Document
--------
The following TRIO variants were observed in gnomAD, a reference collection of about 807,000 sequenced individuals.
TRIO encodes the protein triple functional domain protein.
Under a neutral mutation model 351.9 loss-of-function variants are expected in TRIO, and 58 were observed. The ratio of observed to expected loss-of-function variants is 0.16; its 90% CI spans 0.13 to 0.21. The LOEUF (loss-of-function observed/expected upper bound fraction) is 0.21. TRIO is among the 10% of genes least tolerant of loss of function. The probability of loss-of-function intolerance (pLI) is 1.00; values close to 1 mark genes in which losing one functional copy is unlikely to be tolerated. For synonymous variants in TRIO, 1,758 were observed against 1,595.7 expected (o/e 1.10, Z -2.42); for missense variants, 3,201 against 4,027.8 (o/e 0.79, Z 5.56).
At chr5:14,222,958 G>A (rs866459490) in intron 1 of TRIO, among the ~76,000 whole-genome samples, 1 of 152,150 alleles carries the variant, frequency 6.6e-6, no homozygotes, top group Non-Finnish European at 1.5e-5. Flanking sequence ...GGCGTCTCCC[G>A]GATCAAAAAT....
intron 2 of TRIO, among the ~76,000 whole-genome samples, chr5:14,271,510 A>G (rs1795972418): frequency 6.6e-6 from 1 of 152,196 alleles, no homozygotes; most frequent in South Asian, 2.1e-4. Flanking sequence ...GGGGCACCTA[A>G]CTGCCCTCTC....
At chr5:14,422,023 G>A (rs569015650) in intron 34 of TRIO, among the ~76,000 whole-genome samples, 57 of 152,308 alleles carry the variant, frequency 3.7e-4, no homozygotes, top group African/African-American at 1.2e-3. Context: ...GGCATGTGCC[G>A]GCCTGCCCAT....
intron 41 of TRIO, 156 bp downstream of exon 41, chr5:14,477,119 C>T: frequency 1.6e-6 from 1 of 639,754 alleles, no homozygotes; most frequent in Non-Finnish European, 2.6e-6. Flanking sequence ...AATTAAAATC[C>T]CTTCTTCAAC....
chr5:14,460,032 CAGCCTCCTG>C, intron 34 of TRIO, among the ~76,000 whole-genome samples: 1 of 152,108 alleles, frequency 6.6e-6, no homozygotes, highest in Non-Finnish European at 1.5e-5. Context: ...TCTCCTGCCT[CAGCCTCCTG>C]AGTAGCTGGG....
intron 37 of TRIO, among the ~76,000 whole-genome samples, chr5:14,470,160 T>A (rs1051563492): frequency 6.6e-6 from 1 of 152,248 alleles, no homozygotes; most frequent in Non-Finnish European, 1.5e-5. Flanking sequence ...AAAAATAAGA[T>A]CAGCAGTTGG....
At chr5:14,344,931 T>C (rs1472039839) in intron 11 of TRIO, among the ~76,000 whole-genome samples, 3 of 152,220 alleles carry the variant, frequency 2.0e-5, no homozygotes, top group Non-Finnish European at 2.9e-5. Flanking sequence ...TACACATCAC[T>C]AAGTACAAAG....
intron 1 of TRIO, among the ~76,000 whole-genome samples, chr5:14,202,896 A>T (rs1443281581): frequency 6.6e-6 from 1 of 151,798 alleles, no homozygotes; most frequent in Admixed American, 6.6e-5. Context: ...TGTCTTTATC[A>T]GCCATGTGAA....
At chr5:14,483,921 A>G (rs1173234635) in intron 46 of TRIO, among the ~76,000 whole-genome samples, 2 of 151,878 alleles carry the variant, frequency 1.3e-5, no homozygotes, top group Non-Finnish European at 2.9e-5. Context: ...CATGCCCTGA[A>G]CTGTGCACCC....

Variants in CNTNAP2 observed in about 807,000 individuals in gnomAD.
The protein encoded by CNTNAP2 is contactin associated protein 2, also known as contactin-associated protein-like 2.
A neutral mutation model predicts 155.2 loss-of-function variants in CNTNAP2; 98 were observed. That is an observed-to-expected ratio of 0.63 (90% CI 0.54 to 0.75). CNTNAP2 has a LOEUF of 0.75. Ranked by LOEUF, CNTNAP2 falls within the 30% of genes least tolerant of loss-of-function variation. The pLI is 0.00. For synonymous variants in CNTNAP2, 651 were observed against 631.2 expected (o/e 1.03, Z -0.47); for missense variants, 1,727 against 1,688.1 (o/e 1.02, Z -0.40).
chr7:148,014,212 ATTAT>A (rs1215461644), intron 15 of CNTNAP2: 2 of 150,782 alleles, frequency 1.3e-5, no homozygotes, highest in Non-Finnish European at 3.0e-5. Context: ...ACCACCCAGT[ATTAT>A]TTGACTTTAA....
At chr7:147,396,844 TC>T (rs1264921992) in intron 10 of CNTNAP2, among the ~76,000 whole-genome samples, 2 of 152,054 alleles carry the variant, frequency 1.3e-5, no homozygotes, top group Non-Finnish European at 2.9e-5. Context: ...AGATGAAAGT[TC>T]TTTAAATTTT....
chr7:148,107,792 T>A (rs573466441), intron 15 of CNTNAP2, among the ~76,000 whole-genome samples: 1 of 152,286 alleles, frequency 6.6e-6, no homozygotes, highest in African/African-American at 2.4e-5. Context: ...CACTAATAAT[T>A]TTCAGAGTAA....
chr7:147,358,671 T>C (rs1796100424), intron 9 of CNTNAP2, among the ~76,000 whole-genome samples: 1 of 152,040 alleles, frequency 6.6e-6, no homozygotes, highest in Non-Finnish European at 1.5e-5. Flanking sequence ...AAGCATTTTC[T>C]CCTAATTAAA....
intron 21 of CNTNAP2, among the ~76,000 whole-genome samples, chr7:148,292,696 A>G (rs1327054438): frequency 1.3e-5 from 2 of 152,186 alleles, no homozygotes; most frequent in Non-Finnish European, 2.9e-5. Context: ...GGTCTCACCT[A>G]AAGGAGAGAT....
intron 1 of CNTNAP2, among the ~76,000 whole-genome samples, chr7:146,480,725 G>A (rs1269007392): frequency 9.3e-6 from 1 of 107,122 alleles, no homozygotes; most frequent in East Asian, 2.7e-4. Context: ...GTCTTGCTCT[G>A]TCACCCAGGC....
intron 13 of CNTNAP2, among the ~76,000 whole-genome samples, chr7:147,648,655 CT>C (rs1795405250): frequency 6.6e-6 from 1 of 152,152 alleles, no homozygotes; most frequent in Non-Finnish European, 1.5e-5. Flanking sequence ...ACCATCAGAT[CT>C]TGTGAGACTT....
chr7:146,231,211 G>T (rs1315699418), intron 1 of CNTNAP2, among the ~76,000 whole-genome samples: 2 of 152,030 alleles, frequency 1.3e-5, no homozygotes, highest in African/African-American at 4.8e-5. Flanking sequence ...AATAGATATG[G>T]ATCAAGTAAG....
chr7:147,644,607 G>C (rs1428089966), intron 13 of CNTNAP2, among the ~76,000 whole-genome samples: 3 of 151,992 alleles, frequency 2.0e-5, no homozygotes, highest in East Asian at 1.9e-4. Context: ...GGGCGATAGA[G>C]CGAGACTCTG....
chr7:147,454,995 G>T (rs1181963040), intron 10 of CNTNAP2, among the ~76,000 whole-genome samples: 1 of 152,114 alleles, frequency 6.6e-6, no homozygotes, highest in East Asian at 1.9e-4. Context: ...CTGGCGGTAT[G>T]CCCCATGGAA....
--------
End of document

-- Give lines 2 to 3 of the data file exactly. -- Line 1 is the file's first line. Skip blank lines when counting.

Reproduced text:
TRIO encodes the protein triple functional domain protein.
Under a neutral mutation model 351.9 loss-of-function variants are expected in TRIO, and 58 were observed. The ratio of observed to expected loss-of-function variants is 0.16; its 90% CI spans 0.13 to 0.21. The LOEUF (loss-of-function observed/expected upper bound fraction) is 0.21. TRIO is among the 10% of genes least tolerant of loss of function. The probability of loss-of-function intolerance (pLI) is 1.00; values close to 1 mark genes in which losing one functional copy is unlikely to be tolerated. For synonymous variants in TRIO, 1,758 were observed against 1,595.7 expected (o/e 1.10, Z -2.42); for missense variants, 3,201 against 4,027.8 (o/e 0.79, Z 5.56).